My Podcast Production Process, Start to Finish

My Podcast Production Process, Start to Finish



In this post, I’ll walk through my terminated podcast make process for The Side Hustle Show.

If you’re not familiar with the picture, it’s a top-rated and gifted triumphing business podcast with more than 8 million life-time downloads.

I’ve been develop the podcast weekly since 2013, and though I know this process will continue to evolve, here’s what it looks like today.

podcast production process step by step

The Hook

Every episode starts with what I announce” the rob .” That is, what’s the tilt or fib we’re trying to tell?

Why is it interesting or compelling?

Since podcast growth mostly happens via word of mouth, the hook is critical. Why should someone invest their time in this, and once they do, is it good enough they can’t help but tell their friends about it?

For me, the best-performing episodes are side gyps or marketing tricks who the hell is πŸ˜› TAGEND

Relatable Repeatable Don’t require a huge upfront investment

What are some examples of ” robs” that have doing well?

Financial Independence Fast-Track: How to Replace Your Salary by Buying Mini Businesses 10 Creative Side Hustles that Make Real Money How to Start a Business You Care About — With No Business Ideas and No Money

These episodes have all out-performed their peers( escapades released around the same time ). I accept one reason why is I got the rob right. The material was relevant to the audience and the deed was pressuring enough to download.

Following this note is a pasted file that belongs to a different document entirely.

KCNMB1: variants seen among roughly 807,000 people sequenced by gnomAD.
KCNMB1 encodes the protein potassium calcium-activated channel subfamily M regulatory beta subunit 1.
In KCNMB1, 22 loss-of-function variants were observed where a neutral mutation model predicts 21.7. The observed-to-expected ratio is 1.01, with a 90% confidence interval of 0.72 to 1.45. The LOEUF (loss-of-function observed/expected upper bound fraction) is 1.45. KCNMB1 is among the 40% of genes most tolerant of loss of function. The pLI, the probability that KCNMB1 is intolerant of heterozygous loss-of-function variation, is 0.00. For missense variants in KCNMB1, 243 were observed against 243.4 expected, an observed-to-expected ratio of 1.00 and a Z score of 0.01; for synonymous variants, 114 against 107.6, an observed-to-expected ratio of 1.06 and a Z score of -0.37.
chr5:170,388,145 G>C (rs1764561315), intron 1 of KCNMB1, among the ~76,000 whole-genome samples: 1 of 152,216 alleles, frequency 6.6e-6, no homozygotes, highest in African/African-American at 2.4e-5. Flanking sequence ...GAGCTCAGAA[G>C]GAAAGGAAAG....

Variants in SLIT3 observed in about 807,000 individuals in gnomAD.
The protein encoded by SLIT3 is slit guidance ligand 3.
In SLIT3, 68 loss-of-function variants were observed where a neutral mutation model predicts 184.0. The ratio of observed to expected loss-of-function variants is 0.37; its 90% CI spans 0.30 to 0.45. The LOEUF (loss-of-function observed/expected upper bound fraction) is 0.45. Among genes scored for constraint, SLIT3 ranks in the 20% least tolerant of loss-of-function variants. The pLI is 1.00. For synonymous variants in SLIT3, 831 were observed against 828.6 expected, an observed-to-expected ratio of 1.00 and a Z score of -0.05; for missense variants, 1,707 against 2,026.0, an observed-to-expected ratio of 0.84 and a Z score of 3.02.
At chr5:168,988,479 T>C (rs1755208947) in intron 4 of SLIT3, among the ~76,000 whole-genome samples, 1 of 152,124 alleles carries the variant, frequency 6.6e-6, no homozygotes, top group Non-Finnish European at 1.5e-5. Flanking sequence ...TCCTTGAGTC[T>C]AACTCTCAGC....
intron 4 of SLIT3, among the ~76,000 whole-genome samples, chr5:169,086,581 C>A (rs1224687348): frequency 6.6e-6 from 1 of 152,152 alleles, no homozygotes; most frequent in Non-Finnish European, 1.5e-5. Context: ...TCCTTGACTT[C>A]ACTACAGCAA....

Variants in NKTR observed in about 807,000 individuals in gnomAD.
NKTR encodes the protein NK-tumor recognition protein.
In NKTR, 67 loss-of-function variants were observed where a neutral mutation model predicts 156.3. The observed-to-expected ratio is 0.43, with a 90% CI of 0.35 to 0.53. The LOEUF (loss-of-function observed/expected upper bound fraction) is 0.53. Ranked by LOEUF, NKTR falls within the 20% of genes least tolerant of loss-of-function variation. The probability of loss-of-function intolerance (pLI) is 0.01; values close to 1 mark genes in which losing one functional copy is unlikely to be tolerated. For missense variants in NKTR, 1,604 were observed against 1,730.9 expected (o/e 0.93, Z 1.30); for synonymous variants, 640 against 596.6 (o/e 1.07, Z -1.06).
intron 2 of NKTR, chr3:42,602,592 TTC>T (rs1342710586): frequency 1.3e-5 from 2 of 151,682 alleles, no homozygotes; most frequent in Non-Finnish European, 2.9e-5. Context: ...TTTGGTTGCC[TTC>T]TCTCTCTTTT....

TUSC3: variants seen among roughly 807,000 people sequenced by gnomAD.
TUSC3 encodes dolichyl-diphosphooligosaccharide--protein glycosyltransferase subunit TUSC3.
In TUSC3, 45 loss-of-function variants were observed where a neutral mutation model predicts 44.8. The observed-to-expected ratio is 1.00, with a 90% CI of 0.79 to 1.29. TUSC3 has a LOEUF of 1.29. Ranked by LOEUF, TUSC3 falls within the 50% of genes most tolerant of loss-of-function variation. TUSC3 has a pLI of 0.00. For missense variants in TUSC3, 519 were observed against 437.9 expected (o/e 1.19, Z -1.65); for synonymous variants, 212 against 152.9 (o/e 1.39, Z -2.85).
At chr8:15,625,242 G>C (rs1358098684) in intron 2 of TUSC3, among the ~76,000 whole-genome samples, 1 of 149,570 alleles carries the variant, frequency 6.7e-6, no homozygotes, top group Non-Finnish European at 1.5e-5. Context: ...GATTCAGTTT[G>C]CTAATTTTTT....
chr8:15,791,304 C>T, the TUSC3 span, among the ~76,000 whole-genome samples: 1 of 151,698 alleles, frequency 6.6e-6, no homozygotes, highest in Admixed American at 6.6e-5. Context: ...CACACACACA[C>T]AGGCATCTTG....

The hook is step one. Then I go out and is an attempt to perceive the best person to tell that story.

Guest Selection

The Side Hustle Show is primarily interview-based. That takes a lot of the pressure off me to monologue for half an hour, and instead lets me showcase other qualified and insightful entrepreneurs.

I source patrons in several different ways.

Personal Network

When I firstly started the reveal, naturally my first guests came from my own-small, at that time-personal network. I spidered out from there by asking,” who else do you think would be a good fit ?”

Interesting parties tend to know other interesting parties. Let them fill your guest pipeline.

Even years into doing the demonstrate, this still works. For example, Jacques Hopkins targeted me to the stunning success floor of Nate Dodson, who’s selling $40 k+ per month of an online trend on growing and exchanging microgreens.

Society/ Referrals

Today, many of my best guests come from inside The Side Hustle Nation community. These are parties responding to my emails, attending meetups, or affixing in the Facebook group.

For example, I detected Jodi Carlson, creator of a $ 5k a month part-time girl scout blog, when she are responding to one of my newsletters. I filled Nikko Mendoza, developer of 3D-printed clothing armor at a Side Hustle Nation meetup.

Inbound Slopes

The final source of guests-and perhaps least reliable-is inbound tars. At this phase, I receive various tars a week from people who want to be on the show.

Some of those are great, like Austin Miller’s empire of free homes. But most are pretty lame. They come from PR companies or podcast booking agencies and don’t fully understand the nature of the show.

I set up a standard” pitch form” to pour these through, which has helped.

If you’re struggling to find quality guests, you might check out a free asset like PodcastGuests.com.

Vetting Guests

These daytimes, I rarely go into an interview completely cold. In most cases, I’ll do a pre-interview call.

Those 15 -3 0 instant announces aid me estimates πŸ˜› TAGEND

Does this person speak clearly Are they energized about specific topics A general, subjective feel if they’re right for the appearance and public

These pre-interview calls also help me interpret my preserve process and objectives for the show.

If for whatever reason we don’t do a pre-interview call, I generally just listened to one or two interrogations the guest has done on other shows.

Creating an Outline